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Daily News Blog

27
Sep

EPA Fines Syngenta $1.2 Million for Multiple Safety Violations under Settlement

(Beyond Pesticides, September 27, 2016)  Multinational pesticide manufacturer Syngenta Crop Protection was handed a  $1.2 million fine last week for multiple violations of federal pesticide law, according a settlement reached with the U.S. Environmental Protection Agency (EPA). EPA charged Syngenta with three major violations of the Federal Insecticide Fungicide and Rodenticide Act (FIFRA), including: (1) Failure to have repackaging agreement and/or maintain records on registered pesticides; (2) Distributing misbranded pesticides, and; (3) Failure to maintain data submitted for pesticide registration. However, under the consent agreement reached with EPA, the company neither admits nor denies the allegations. The settlement comes at a time of increased scrutiny of Syngenta, as the company is in the process of reregistering the herbicide atrazine, and Chinese National Chemical Corporation (ChemChina) continues its attempts to complete a $43 billion merger. While the plan appears to have cleared U.S. regulatory hurdles, European lawmakers have yet to sign off on the deal.

syngenta-biotechnology“The repackaging, sale and distribution of unregistered and misbranded pesticides is illegal and puts people and the environment at risk. Users rely on accurate, up-to-date information about ingredients, directions for use, hazards and safety precautions,” said Anne Heard, Acting Regional Administrator for the Southeast in an EPA press release.

EPA found  that Syngenta distributed and/or sold over 19 pesticides to over 222 pesticide refillers (companies that receive bulk pesticide products from manufacturers and then repackage the products for sale to users) either without having repackaging agreements in place with these companies, or without maintaining records of repackaging agreements. After inspections of multiple facilities throughout the country, EPA also found that  Syngenta sold pesticide products with outdated labels. One product cited in both violations includes Expert Herbicide, a restricted use product that  contains a mixture of the herbicides atrazine, glyphosate, and S-metolachlor. With EPA focused on mitigating risks through product label instructions and warnings, it is critical that manufacturers’ products comply with current EPA registration requirements  to meet the agency’s acceptable risk standards. In the case of Expert Herbicide, Syngenta was found by EPA to have  sold its  product to refillers under a label from 2004 that was missing required information under “precautionary statements,” “directions for use,” and a “storage and disposal statement,” and without a formal agreement with the product’s repackager.

EPA’s findings  are particularly concerning because Syngenta  settled a lawsuit in 2012  with over 1,800 Community Water Systems (CWS) over contamination of drinking water with atrazine. The company was required to pay $105 million to CWSs throughout the country to assist them with removing this highly toxic chemical from drinking water.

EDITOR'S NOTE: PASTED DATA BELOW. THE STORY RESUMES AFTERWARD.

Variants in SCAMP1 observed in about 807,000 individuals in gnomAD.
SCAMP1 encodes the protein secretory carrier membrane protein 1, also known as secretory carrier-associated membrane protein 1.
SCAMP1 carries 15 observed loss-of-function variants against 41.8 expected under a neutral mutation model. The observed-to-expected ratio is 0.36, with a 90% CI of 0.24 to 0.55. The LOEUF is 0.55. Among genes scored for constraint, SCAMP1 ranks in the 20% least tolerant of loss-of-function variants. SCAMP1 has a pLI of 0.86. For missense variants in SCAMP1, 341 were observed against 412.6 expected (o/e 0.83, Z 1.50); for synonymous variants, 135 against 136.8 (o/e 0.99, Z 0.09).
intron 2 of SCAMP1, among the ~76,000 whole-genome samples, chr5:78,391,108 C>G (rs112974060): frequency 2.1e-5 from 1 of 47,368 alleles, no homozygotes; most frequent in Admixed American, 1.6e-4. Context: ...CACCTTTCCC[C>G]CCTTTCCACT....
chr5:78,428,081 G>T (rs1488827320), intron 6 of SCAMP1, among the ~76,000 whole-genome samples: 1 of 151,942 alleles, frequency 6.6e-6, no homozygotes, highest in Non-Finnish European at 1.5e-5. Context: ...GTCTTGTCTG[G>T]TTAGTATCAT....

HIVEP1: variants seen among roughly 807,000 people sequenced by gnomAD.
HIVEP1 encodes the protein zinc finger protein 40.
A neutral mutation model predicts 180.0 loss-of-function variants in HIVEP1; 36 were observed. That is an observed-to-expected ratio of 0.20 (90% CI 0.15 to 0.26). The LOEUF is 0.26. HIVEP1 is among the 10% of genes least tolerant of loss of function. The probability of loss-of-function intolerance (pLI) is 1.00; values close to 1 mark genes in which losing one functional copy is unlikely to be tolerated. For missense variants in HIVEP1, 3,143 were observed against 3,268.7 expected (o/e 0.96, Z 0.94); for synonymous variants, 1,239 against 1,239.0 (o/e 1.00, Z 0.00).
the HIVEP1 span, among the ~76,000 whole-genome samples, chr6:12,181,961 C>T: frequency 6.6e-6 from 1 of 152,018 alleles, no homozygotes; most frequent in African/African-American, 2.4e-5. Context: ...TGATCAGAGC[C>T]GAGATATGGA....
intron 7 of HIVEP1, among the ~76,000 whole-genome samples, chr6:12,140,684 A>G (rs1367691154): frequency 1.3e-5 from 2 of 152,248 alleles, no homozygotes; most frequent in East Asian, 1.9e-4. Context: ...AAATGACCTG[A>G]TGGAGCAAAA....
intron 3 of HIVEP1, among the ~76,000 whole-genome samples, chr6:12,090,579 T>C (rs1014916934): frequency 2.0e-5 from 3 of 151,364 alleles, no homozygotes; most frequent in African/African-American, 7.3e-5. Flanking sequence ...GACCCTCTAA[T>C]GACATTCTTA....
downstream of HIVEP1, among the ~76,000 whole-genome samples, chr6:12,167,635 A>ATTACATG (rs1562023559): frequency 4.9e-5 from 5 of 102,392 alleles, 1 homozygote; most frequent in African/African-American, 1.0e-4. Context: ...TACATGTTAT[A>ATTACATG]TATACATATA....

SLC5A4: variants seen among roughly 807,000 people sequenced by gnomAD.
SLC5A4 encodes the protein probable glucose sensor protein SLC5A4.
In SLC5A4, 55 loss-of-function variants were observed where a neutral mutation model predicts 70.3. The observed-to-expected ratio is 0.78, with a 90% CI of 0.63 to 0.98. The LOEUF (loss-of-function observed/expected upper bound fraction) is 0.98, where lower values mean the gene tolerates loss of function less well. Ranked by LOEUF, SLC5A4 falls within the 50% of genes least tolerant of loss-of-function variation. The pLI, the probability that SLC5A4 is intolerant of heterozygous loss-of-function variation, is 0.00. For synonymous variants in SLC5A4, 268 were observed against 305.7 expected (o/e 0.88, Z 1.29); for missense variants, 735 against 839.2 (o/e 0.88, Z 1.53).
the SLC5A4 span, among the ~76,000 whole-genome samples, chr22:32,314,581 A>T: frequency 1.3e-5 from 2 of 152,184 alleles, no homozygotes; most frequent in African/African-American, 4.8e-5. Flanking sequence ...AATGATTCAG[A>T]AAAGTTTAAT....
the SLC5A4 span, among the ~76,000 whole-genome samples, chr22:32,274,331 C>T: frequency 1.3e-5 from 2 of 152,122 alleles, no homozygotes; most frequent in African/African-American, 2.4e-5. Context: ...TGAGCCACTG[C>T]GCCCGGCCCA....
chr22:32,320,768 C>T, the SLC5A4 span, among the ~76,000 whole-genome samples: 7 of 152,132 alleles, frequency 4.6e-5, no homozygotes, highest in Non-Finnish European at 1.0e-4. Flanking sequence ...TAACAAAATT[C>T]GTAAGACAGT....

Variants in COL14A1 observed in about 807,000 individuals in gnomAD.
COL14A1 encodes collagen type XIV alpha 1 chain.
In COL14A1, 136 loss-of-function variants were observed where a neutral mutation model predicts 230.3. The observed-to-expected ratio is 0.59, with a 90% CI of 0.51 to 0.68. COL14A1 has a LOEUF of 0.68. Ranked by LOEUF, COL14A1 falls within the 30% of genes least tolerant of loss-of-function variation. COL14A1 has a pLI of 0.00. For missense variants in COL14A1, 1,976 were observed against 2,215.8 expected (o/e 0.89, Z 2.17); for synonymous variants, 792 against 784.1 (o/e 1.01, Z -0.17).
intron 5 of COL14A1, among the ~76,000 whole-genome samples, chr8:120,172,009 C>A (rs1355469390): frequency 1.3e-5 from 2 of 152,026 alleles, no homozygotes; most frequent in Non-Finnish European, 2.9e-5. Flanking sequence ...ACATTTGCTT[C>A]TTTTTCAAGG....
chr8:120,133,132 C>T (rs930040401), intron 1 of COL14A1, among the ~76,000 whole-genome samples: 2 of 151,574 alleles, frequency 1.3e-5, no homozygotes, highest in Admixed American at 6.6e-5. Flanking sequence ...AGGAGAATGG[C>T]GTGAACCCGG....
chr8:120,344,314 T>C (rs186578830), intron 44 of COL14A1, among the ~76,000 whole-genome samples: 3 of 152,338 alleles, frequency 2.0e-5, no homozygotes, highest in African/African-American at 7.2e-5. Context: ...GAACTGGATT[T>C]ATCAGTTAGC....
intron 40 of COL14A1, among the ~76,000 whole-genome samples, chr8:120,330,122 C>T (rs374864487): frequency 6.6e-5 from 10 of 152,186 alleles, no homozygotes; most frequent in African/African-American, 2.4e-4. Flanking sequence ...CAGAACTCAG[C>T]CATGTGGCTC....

Syngenta’s final set of violations came from an inspection of laboratories the company used to test pesticides to support their registration. EPA discovered that Syngenta, as required by  FIFRA,  did not maintain study records that  characterized  food residues after the application of the widely used fungicides azoxystrobin and propiconazole.

Under the consent agreement, Syngenta will pay $766,508 in civil penalties and will spend $436,990 to perform a Supplemental Environmental Project (SEP). The SEP requires Syngenta to conduct within four  years an education campaign to train pesticide users, manufacturers, and refillers about regulatory requirements under FIFRA. EPA will oversee the program’s implementation to ensure manufacturer compliance with the law.

Ms.  Heard said,  “This settlement sends a strong message to pesticide companies to maintain compliance with all federal environmental laws.” It has been suggested by  Beyond Pesticides that  EPA adopt  a more aggressive enforcement strategy, that the settlements on penalties do not appear to affect corporate behavior.  Only 2 years ago, while EPA was still conducting its Syngenta investigation, the agency announced the largest ever pesticide fine ($1.7 million) for violations that included mislabeling pesticide products. It does not appear that the few penalties have not created enough of a disincentive. The agency brought four cases  leading to civil penalties in 2014, and two  cases in 2015.

Without strong enforcement and oversight, companies may  feel little pressure to adhere to regulatory  requirements under  federal law. For the protection of public and environmental health, it is critical that state and federal agencies vigorously enforce current law, and update their current enforcement policy, which has not been revised since 2009, to allow higher penalties and expanded use of criminal proceedings.

Take the most effective action to protect public and environmental health by telling EPA to ban uses of the toxic herbicide atrazine. You can also work to reduce demand for pesticides by going organic in your yard and community, and purchasing certified organic food whenever possible.

Source: EPA Region 4 Press Release, Syngenta Consent Agreement and Final Order

All unattributed positions and opinions in this piece are those of Beyond Pesticides.

 

 

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One Response to “EPA Fines Syngenta $1.2 Million for Multiple Safety Violations under Settlement”

  1. 1
    Peter Crownfield Says:

    It’s nice to see EPA doing something, but $1.2 million isn’t even a slap on the wrist for Syngenta.

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